Ptolemy ca. 100–170 Egyptian Scientific Scholar

views updated

ca. 100–170 Egyptian scientific scholar

The ancient Egyptian scientist Claudius Ptolemy wrote works on a wide range of topics, including astronomy, geography, mathematics, and music. Although Ptolemy's writings were over a thousand years old by the time the Renaissance began, they had a great influence on the scientific thought of the time.

Modern scholars know little about Ptolemy's life. He appears to have spent his whole life in Alexandria, a city in Egypt, which was then part of Roman territory. His first name is Roman in form and his last name Egyptian, suggesting that he came from a mixed family.

Ptolemy believed that the study of the skies was more than a science. In his major work on astronomy, The Almagest, he argued that studying astronomy led people to think about God, whom he considered to be the cause of all heavenly motions. This view of astronomy was very influential during the Renaissance. In another work, the Quadripartitum (Four Parts), Ptolemy expressed his belief in astrology*. He claimed that the heavenly bodies had a physical influence on all earthly matters, including geography, climate, and even human lives.

The Almagest covered all aspects of mathematical astronomy known to ancient scholars. It also explains Ptolemy's vision of the universe—a sphere with a tiny, unmoving Earth at its center. Other ancient astronomers believed in this geocentric, or earth-centered, view of the universe, but they had trouble making it fit with their observations of the movements of heavenly bodies. The irregular motions of the planets, for example, did not match perfectly circular orbits around Earth. Various astronomers came up with theories to fix this problem. Some suggested that the orbits of the planets were not quite centered on Earth, while others proposed more complicated adjustments. Ptolemy cleverly combined these different schemes in a new mathematical theory that fit very well with observations of the heavens.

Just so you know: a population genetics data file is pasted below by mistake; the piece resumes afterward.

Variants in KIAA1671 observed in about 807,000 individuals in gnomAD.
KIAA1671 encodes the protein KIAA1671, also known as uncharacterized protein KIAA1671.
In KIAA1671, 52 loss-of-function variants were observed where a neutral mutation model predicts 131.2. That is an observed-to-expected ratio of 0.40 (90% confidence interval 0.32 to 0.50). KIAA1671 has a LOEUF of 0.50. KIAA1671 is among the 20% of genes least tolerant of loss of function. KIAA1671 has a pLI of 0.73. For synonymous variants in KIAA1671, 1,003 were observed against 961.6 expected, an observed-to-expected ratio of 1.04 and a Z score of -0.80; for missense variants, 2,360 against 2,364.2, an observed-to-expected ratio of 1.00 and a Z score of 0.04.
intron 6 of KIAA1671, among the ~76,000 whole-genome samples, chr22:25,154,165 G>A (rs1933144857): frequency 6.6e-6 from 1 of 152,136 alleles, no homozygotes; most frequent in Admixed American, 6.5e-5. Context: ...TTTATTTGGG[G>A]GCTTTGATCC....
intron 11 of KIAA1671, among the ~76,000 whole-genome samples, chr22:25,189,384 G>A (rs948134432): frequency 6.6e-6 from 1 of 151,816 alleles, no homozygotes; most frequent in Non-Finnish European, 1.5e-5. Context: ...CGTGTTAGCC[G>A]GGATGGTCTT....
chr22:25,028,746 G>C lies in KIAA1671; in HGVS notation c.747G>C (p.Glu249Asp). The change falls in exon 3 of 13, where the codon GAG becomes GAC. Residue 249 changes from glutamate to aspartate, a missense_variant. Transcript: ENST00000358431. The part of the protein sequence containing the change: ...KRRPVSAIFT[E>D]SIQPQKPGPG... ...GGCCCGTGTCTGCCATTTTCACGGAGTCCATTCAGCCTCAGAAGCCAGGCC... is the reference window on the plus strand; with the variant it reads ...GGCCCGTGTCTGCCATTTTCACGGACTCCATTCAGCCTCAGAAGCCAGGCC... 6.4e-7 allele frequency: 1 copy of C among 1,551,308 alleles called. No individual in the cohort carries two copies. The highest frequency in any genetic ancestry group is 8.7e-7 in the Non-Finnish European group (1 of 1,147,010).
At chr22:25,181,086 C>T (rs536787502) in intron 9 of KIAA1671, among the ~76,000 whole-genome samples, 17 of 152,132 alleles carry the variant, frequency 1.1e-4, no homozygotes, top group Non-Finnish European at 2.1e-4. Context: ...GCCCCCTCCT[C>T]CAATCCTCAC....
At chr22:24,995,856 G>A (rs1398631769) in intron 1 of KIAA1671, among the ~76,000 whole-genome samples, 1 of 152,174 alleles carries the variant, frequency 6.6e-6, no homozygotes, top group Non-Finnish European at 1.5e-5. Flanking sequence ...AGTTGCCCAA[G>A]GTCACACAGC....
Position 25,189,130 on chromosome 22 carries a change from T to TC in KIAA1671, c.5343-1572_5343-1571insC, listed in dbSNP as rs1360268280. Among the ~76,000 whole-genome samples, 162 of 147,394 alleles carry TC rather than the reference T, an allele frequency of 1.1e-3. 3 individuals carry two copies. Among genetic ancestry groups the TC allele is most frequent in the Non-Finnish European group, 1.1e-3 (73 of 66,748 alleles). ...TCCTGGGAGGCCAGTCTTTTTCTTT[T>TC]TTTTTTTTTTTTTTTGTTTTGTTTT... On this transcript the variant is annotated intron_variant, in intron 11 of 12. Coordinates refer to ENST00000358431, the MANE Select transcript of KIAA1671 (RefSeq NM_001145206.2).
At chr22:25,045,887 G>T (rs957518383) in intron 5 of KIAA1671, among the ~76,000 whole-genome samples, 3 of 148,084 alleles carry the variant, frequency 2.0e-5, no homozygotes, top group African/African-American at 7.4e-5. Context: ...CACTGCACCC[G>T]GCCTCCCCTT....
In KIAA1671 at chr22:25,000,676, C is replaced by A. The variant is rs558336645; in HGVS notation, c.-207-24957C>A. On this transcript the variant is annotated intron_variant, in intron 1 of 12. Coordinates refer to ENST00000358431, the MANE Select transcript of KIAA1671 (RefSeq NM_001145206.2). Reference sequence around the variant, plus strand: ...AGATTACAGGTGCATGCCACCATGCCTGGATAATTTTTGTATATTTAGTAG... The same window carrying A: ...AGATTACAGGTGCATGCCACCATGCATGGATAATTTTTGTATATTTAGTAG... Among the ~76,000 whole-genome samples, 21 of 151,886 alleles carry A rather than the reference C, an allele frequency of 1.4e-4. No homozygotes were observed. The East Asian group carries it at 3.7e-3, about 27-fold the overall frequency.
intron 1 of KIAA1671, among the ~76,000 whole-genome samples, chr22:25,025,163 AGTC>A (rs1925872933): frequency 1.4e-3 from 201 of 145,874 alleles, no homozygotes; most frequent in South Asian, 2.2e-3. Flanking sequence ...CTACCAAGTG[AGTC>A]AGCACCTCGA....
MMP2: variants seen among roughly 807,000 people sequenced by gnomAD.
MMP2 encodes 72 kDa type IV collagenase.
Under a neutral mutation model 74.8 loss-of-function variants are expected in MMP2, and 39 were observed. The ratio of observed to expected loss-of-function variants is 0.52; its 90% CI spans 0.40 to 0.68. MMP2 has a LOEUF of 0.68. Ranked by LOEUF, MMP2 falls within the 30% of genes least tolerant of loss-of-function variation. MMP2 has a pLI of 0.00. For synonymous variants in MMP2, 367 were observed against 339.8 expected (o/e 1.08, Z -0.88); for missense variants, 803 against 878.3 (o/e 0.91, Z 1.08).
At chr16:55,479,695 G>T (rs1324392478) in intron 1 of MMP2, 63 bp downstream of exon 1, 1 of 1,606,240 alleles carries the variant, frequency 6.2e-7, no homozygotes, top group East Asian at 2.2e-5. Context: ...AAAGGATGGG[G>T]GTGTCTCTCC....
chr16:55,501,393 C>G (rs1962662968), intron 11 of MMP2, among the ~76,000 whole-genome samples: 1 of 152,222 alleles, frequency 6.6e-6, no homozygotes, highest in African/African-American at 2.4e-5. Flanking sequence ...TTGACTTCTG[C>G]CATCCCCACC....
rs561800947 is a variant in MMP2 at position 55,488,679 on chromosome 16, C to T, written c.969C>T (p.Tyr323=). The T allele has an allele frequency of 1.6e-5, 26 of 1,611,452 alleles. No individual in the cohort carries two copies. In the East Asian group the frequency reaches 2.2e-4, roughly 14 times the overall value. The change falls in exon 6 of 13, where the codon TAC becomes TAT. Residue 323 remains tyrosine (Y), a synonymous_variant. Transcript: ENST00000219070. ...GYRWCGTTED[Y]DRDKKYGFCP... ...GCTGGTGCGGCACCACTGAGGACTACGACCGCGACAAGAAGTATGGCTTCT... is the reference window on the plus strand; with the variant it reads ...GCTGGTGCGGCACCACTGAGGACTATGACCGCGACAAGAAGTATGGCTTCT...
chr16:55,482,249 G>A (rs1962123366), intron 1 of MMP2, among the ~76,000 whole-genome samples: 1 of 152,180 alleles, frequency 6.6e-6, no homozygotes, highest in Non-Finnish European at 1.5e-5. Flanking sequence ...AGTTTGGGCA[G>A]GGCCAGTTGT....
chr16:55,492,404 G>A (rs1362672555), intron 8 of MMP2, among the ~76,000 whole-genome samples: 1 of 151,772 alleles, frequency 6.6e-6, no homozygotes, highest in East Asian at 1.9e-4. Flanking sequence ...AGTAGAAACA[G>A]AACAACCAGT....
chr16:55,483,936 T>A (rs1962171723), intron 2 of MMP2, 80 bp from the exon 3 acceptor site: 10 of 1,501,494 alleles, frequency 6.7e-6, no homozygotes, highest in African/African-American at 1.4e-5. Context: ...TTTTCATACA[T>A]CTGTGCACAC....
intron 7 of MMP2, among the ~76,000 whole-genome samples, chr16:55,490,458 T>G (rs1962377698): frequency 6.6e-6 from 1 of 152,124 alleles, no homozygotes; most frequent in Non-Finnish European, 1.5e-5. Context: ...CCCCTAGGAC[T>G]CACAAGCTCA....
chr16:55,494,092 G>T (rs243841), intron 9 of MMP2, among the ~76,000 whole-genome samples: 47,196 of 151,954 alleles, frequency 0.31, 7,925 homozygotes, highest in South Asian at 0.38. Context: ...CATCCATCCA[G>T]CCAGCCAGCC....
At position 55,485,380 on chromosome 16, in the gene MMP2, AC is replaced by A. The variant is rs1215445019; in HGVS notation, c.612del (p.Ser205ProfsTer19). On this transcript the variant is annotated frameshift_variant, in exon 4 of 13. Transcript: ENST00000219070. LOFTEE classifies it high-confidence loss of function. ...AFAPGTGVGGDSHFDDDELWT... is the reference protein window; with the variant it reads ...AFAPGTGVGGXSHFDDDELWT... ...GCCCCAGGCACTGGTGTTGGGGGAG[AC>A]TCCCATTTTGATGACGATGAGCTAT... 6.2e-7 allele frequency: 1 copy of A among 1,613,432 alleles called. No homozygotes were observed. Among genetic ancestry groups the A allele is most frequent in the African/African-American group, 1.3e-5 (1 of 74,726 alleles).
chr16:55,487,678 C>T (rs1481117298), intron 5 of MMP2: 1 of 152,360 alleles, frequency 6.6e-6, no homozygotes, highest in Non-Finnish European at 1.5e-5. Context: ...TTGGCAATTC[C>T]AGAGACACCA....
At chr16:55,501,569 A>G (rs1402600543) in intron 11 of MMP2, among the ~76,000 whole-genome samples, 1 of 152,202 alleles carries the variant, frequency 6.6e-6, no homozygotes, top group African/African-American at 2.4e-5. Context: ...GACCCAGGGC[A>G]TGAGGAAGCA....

Ptolemy's system defined the common view of the Earth and the heavens for much of the Renaissance. A few Renaissance astronomers argued with some of the points of the system, but their work was inferior to Ptolemy's. By the early 1500s, however, the Polish astronomer Nicolaus Copernicus had begun to formulate a heliocentric, or Suncentered, model of the solar system. His work sowed the seeds of a new system that would in time destroy the Ptolemaic vision of the universe.

(See alsoScience. )

* astrology

study of the supposed influences of the stars and planets on earthly events